Identifying the right solution to accommodate a work restriction is not always obvious. Following a consistent analytical process can ensure key details are not missed, helping to avoid potential issues such as employee and employer frustration or a potential impact on employee safety. Putting the right process in place can be crucial to a successful, organized return to work plan and can help to address costs, time and confusion.
As portions of our workforce continue to age, encouraging mind-healthy activities and habits is always a good idea. You may be familiar with some of the more obvious challenges of an aging workforce, but have you considered the impact of Alzheimer’s disease?
Per The Alzheimer’s Association, most individuals who have the disease are over age 65 (and there is a 50-50 chance of developing the disease after age 85) and will face dreaded loss of memory, analytical skills and the ability to learn new tasks — all of which are critical to maintaining workplace productivity.
The Association also points out that well-established risk factors for Alzheimer’s disease are genetics and aging. Although aging and genetics are two risk factors we can’t control, adopting healthy brain life habits might delay or prevent the appearance of Alzheimer’s disease.
Did you know teachers have a high incidence of voice problems? A study found that while teachers constitute only 2 percent of the working population, they make up 16 percent of hospital voice clinic populations diagnosed with a voice disorder.  In fact, 20 percent of the teacher population analyzed in the study reported missing work as a result of a voice problem.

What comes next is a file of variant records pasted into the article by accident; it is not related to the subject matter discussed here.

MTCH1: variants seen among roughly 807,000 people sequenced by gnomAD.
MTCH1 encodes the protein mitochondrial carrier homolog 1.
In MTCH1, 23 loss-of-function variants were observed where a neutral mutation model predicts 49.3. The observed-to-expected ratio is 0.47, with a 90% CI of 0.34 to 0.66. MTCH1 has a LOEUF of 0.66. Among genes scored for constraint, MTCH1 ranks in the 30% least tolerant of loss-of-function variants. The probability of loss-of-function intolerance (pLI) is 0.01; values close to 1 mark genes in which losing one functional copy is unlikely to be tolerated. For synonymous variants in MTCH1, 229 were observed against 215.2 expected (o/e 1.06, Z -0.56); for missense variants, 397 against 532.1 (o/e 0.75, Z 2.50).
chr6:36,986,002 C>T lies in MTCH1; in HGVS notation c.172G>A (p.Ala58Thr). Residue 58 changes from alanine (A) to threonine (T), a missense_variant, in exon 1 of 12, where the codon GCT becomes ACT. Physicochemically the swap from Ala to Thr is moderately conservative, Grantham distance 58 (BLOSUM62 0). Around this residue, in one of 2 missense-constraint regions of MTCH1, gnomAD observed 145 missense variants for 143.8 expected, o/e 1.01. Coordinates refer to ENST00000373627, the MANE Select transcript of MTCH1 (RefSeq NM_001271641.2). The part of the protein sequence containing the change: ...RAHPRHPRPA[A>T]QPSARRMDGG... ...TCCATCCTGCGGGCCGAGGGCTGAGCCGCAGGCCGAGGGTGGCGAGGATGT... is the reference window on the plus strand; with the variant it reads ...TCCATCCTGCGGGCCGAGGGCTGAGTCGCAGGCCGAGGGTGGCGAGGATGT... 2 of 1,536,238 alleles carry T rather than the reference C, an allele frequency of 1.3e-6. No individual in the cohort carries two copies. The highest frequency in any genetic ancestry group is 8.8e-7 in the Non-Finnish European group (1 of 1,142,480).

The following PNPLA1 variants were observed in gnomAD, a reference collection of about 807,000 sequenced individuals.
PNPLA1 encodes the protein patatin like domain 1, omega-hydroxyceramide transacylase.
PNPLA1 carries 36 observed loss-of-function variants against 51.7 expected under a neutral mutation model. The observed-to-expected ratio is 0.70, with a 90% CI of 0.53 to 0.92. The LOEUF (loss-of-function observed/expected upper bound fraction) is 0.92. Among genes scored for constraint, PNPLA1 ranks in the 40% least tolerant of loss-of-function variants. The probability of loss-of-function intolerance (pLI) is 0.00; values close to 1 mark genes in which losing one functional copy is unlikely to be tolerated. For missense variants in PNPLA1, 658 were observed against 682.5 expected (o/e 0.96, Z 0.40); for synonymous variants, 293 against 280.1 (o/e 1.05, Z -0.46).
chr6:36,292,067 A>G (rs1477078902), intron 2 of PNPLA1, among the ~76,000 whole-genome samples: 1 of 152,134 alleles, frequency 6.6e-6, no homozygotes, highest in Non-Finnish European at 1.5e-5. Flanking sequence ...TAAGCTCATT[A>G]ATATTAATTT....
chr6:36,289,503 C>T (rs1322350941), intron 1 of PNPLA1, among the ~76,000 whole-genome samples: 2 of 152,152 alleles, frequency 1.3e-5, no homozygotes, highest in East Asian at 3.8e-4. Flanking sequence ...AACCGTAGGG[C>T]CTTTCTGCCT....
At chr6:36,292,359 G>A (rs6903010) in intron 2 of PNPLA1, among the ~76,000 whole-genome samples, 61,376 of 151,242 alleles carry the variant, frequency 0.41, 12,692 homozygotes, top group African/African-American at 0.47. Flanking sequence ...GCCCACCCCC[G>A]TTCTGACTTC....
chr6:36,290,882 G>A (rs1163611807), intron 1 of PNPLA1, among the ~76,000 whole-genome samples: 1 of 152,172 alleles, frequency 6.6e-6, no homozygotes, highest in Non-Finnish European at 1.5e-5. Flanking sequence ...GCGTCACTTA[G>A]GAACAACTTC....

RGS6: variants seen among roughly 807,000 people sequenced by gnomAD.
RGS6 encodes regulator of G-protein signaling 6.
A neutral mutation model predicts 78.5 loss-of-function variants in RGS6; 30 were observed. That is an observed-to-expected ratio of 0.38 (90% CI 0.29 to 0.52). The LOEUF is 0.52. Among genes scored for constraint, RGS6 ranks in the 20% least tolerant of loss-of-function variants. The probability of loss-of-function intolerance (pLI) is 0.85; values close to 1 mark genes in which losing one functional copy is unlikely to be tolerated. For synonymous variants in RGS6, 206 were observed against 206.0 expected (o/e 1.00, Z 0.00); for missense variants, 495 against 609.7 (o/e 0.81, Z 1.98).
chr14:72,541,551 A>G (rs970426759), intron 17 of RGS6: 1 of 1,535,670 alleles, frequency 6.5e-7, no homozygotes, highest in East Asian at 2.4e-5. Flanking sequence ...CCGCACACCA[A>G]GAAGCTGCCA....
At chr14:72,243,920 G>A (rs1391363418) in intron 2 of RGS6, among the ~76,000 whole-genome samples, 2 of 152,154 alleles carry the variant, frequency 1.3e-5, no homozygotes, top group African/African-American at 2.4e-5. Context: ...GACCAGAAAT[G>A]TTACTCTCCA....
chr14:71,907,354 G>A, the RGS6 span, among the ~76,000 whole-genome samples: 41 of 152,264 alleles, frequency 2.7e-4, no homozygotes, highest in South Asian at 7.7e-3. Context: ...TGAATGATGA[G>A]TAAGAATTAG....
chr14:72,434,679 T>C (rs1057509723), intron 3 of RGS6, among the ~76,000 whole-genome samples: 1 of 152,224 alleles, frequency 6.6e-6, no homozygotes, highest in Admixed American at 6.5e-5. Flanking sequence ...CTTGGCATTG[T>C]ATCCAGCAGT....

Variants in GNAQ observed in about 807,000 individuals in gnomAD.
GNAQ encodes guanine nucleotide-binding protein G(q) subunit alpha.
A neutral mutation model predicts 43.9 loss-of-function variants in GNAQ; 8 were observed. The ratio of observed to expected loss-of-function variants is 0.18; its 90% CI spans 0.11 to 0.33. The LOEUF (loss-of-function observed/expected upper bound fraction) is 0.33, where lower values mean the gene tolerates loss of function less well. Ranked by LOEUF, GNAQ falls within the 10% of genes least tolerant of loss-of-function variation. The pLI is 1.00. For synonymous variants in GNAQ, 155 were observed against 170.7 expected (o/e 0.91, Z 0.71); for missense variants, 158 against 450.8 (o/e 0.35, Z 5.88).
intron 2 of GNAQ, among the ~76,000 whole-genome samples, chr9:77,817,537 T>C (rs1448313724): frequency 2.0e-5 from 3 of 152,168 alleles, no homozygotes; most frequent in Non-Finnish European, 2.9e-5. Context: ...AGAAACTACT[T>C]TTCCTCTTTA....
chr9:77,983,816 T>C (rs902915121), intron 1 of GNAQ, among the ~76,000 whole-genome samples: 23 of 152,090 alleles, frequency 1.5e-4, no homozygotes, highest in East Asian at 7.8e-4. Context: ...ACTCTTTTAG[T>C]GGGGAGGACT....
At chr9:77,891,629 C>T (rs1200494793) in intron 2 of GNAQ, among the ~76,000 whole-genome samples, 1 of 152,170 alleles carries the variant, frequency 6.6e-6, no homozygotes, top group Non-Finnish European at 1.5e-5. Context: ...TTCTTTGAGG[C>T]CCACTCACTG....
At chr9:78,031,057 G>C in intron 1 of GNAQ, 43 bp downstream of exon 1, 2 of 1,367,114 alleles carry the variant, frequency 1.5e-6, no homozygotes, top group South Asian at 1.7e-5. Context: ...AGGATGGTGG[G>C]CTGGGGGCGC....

As an on-site disability consultant, I’ve worked with a number of teachers and in the last five years I’ve seen an increase in voice-related disabilities. The good news is there is a tool out there that can help teachers deal with this problem. It’s just that many people don’t know it exists.
Finding seating solutions that allow obese employees to sit comfortably in their desk chairs has been a challenge for years. And with a steady increase in the number of overweight workers, companies can no longer overlook these pertinent needs.
As recently as 10 years ago, most chair manufacturers did not offer products for people who weighed more than 300 pounds. Not only were there no chairs that fit these individuals, but rarely did the chairs hold up to the constant weight.
Today, office equipment, such as chairs, that is designed to suit larger people is in demand. And as an employer, you must ensure you are providing a safe, comfortable chair for your employees. This has created an opportunity for chair manufacturers to succeed in a thriving marketplace.
When looking at chair options, it’s important to focus on two key factors:
As people begin traveling for their summer vacations, they likely will use maps and signs to bypass the dead ends, and reach their destinations safely. Much like traveling, “reading the signs” also applies to mental health issues.
Depression is on the rise in the workplace today, and it’s pertinent for employers and employees to be able to recognize the signs and symptoms. The sooner they do, the more quickly employees can receive professional treatment and return to their life, and work healthier, happier and more productive.
Can you imagine driving your car without mirrors? Not only would it be difficult to see your blind spots it also could be quite dangerous.
When it comes to mental health in our culture, there continues to be a stigma around admitting you are experiencing symptoms and/or seeking treatment. But the truth is we all have blind spots when it comes to recognizing psychiatric symptoms. As an employer there are ways to assist your employees in getting the help they need.